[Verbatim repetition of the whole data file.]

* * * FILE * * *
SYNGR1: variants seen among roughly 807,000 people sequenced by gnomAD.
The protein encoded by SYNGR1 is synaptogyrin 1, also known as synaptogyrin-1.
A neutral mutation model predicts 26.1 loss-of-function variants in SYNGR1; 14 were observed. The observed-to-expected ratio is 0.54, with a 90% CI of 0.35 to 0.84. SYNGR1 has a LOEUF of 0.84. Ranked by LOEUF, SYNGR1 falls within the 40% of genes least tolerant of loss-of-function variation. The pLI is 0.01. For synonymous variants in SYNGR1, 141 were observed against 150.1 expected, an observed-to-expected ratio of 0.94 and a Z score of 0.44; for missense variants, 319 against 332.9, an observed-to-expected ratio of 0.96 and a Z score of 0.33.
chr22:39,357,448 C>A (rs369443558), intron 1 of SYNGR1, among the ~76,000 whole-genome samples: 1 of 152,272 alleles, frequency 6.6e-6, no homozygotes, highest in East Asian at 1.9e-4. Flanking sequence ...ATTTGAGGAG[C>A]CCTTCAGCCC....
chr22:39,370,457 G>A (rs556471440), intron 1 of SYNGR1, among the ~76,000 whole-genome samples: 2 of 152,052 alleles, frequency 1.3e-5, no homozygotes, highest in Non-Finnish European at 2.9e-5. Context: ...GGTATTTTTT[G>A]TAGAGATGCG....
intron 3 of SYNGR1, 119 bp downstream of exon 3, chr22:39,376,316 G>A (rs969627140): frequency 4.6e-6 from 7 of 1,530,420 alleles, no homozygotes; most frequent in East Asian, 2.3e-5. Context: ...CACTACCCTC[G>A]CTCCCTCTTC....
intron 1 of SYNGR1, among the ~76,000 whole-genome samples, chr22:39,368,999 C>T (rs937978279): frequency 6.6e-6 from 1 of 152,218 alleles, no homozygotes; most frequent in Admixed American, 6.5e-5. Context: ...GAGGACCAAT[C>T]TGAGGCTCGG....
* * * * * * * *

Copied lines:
SYNGR1: variants seen among roughly 807,000 people sequenced by gnomAD.
The protein encoded by SYNGR1 is synaptogyrin 1, also known as synaptogyrin-1.
A neutral mutation model predicts 26.1 loss-of-function variants in SYNGR1; 14 were observed. The observed-to-expected ratio is 0.54, with a 90% CI of 0.35 to 0.84. SYNGR1 has a LOEUF of 0.84. Ranked by LOEUF, SYNGR1 falls within the 40% of genes least tolerant of loss-of-function variation. The pLI is 0.01. For synonymous variants in SYNGR1, 141 were observed against 150.1 expected, an observed-to-expected ratio of 0.94 and a Z score of 0.44; for missense variants, 319 against 332.9, an observed-to-expected ratio of 0.96 and a Z score of 0.33.
chr22:39,357,448 C>A (rs369443558), intron 1 of SYNGR1, among the ~76,000 whole-genome samples: 1 of 152,272 alleles, frequency 6.6e-6, no homozygotes, highest in East Asian at 1.9e-4. Flanking sequence ...ATTTGAGGAG[C>A]CCTTCAGCCC....
chr22:39,370,457 G>A (rs556471440), intron 1 of SYNGR1, among the ~76,000 whole-genome samples: 2 of 152,052 alleles, frequency 1.3e-5, no homozygotes, highest in Non-Finnish European at 2.9e-5. Context: ...GGTATTTTTT[G>A]TAGAGATGCG....
intron 3 of SYNGR1, 119 bp downstream of exon 3, chr22:39,376,316 G>A (rs969627140): frequency 4.6e-6 from 7 of 1,530,420 alleles, no homozygotes; most frequent in East Asian, 2.3e-5. Context: ...CACTACCCTC[G>A]CTCCCTCTTC....
intron 1 of SYNGR1, among the ~76,000 whole-genome samples, chr22:39,368,999 C>T (rs937978279): frequency 6.6e-6 from 1 of 152,218 alleles, no homozygotes; most frequent in Admixed American, 6.5e-5. Context: ...GAGGACCAAT[C>T]TGAGGCTCGG....